Hundreds of local residents crowded into the Somerville Armory last night, all to voice support for the Green Line Extension project. It was the first of five meetings scheduled for the next two months to update the public on what is being done to get the 4.3-mile project back on track.
It has been some 26 years since the state agreed to complete the extension of the Green Line through Somerville as mitigation for the added traffic and pollution caused by the Big Dig. Governor Patrick celebrated the start of Phase 1 construction in 2012, but the project was thrust into limbo once again last year when it was revealed that costs could run up to $1B more that originally projected.
Last night's meeting featured presentations from MassDOT staff, followed by comments from State Senator Pat Jehlen, state Reps. Denise Provost and Christine Barber, many members of the Somerville Board of Alderman, and a long list of over 50 speakers at public comment.
"I know this is not where anybody wanted to be tonight," quipped Kate Fichter of MassDOT as she explained the format of the meeting to the 300 or so people in attendance, many of whom showed up early and waited in line for a seat.
And yet, the meeting was generally positive — with broad consensus that we all want the Green Line Extension to happen, mixed with resolve among residents and advocates that important elements of the project should not be sacrificed (such as the community path, service to Union Square, and completion of the project through Rt. 16 in Medford).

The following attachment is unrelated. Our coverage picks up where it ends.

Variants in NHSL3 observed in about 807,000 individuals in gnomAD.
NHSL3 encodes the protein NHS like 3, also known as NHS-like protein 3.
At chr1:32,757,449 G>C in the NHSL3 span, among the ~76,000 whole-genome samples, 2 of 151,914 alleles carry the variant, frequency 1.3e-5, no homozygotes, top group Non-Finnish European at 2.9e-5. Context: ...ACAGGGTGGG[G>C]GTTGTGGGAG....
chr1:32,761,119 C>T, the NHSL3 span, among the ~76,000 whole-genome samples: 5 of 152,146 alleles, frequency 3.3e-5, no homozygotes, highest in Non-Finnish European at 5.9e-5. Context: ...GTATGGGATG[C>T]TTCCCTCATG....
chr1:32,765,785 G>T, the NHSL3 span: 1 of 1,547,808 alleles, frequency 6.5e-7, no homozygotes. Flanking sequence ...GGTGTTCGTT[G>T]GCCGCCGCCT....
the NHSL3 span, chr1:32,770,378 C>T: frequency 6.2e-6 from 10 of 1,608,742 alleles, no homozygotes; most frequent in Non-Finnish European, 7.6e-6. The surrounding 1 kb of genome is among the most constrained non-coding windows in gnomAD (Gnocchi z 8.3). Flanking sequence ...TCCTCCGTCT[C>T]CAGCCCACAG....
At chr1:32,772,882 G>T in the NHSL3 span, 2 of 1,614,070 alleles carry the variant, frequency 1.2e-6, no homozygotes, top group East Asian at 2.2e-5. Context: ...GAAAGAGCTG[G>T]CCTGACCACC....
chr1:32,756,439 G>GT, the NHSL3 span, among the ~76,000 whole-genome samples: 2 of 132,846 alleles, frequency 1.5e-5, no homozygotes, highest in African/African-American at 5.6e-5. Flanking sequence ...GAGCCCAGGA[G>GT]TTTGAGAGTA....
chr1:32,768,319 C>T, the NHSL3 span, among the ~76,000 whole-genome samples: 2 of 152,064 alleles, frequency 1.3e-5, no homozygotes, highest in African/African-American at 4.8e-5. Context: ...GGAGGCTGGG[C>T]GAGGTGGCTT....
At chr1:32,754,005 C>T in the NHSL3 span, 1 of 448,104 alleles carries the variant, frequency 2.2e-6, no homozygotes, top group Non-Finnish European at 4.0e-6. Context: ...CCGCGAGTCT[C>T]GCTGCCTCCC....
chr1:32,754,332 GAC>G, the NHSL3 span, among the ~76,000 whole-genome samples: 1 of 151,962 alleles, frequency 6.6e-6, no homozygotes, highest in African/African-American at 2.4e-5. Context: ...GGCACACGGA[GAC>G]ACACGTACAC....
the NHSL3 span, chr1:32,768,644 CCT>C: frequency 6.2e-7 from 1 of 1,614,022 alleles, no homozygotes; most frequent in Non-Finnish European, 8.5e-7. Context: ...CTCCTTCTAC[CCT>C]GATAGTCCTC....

That said, interim project manager Jack Wright has indicated that cuts to the project will be "brutal," and last night, he made it clear that the presentation was "not a commitment" and that further cuts will be required; his team is currently focused on the following options:
- Station Redesign
- Vehicle Maintenance Facility Redesign
- Community Path Reconsideration
- Construction Worker Hour Limitations
- Retaining and Sound Walls
- Power and Signals
I was able to speak fairly early during public comment and made a few brief points...
First of all, Somerville deserves the Green Line Extension, including the community path and full service to Union Square because Somerville, in particular, has sacrificed greatly for the sake of everyone else's transit convenience (e.g. I-93, McGrath Overpass, and multiple rail lines that cut through the city without actually making any stops, etc.). Now it is time for the state to live up to the commitment that was made to Somerville some 25 years ago for mitigation pursuant to the Clean Air Act.
Another point to be made: the state legislature should be more willing to raise revenue (in a progressive fashion) to fund projects like the Green Line Extension, while also making transportation/infrastructure investments that will serve all residents of the Commonwealth. Despite a $7B maintenance backlog at the MBTA, Speaker DeLeo has pledged "no new taxes" during the 2015-16 legislative session. Clearly, we need to do a lot more to fund the entire system, including the Green Line Extension. Cutting costs might be part of the equation, but we should also recognize that we cannot cut our way to a sustainable future — we must be willing to make big investments, too.